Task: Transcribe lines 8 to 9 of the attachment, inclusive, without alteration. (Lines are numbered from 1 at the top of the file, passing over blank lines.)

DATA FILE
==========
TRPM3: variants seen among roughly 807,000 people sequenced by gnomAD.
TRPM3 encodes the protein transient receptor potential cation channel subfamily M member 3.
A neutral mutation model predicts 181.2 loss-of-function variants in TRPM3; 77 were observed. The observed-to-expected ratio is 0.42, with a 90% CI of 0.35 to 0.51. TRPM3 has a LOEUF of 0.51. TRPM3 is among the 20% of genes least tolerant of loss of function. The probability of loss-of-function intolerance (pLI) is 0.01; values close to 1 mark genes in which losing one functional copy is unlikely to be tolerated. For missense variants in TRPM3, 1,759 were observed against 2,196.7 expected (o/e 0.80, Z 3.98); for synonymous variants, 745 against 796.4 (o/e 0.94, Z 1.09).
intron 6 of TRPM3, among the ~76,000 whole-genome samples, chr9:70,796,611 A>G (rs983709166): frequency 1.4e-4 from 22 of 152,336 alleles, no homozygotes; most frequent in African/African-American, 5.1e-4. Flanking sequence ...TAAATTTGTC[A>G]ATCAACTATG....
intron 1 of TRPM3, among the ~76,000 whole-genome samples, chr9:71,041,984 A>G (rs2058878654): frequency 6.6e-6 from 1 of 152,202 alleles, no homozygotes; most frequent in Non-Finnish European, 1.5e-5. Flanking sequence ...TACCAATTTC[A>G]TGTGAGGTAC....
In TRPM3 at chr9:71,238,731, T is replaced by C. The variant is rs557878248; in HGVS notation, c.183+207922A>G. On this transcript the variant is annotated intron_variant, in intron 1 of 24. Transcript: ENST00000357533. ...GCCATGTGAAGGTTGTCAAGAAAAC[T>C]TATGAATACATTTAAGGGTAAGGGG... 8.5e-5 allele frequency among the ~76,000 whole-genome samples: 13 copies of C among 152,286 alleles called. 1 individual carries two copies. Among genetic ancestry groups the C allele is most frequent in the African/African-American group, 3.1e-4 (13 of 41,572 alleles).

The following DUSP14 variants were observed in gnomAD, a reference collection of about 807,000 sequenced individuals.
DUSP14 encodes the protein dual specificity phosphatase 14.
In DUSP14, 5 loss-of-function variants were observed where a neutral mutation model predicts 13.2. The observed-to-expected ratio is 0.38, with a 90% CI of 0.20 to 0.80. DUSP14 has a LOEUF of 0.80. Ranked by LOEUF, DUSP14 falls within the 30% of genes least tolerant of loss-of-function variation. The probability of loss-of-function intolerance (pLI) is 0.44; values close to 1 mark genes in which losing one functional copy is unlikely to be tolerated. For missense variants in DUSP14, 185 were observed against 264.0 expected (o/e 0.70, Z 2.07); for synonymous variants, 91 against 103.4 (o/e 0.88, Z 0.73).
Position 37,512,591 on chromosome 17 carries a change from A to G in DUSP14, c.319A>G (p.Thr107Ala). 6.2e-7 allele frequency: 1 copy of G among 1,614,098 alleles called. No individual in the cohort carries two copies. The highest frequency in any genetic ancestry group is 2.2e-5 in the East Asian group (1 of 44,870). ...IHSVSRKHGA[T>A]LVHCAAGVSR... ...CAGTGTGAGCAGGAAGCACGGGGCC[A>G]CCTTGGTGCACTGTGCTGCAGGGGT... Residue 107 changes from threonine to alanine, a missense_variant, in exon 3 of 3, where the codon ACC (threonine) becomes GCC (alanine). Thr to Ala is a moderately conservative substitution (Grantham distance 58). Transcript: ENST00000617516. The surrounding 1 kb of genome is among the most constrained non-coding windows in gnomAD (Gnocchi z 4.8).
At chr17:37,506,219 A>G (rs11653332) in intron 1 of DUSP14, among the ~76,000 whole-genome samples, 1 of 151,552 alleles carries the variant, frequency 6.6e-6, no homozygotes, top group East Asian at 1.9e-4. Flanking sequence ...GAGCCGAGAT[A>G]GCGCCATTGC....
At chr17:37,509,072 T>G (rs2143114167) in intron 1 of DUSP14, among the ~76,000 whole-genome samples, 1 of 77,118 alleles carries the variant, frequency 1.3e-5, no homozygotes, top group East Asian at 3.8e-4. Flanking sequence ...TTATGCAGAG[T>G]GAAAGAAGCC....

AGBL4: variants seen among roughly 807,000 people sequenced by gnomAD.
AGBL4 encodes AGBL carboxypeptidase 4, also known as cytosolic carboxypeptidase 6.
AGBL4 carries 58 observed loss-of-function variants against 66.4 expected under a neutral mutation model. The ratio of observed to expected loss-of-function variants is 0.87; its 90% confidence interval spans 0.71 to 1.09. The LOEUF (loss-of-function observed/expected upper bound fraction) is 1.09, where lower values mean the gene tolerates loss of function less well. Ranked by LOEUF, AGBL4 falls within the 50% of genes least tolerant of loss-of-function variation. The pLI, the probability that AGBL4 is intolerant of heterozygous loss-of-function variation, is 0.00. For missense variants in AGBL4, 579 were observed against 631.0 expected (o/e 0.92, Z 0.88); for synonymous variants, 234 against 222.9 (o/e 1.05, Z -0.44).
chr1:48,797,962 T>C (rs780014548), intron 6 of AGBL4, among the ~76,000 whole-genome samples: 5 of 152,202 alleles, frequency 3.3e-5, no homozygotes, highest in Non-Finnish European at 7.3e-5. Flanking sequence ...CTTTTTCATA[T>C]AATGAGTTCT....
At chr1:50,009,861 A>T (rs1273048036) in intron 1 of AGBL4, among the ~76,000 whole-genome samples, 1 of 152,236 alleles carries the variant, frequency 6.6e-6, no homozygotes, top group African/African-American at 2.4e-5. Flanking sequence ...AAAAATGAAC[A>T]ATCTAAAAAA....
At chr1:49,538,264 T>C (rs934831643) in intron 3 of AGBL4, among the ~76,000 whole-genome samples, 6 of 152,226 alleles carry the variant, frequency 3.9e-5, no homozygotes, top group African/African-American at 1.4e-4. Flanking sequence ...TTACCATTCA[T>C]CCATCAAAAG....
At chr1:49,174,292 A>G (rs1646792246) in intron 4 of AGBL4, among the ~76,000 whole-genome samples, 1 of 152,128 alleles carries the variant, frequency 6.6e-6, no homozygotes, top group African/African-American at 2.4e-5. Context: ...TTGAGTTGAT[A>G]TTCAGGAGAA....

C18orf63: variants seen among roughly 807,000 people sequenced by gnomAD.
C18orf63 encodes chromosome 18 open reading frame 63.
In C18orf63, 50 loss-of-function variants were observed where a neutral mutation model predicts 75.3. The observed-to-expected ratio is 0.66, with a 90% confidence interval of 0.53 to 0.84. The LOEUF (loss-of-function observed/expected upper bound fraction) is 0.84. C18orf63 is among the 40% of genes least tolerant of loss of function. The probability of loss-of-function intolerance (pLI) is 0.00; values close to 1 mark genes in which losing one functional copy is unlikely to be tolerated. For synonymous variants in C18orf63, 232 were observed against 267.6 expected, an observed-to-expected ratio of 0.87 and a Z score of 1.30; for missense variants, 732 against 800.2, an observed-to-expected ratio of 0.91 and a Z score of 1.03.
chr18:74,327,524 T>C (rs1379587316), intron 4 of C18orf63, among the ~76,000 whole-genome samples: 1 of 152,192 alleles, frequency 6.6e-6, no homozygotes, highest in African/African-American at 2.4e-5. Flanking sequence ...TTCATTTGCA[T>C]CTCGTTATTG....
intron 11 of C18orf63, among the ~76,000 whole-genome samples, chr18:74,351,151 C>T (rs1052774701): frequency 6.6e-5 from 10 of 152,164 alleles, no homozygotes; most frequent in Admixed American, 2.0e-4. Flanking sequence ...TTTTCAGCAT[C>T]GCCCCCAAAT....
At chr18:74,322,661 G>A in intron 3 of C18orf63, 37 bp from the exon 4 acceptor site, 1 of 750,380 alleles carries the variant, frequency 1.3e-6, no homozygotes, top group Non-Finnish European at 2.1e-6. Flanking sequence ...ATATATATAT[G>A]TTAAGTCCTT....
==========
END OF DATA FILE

DUSP14 encodes the protein dual specificity phosphatase 14.
In DUSP14, 5 loss-of-function variants were observed where a neutral mutation model predicts 13.2. The observed-to-expected ratio is 0.38, with a 90% CI of 0.20 to 0.80. DUSP14 has a LOEUF of 0.80. Ranked by LOEUF, DUSP14 falls within the 30% of genes least tolerant of loss-of-function variation. The probability of loss-of-function intolerance (pLI) is 0.44; values close to 1 mark genes in which losing one functional copy is unlikely to be tolerated. For missense variants in DUSP14, 185 were observed against 264.0 expected (o/e 0.70, Z 2.07); for synonymous variants, 91 against 103.4 (o/e 0.88, Z 0.73).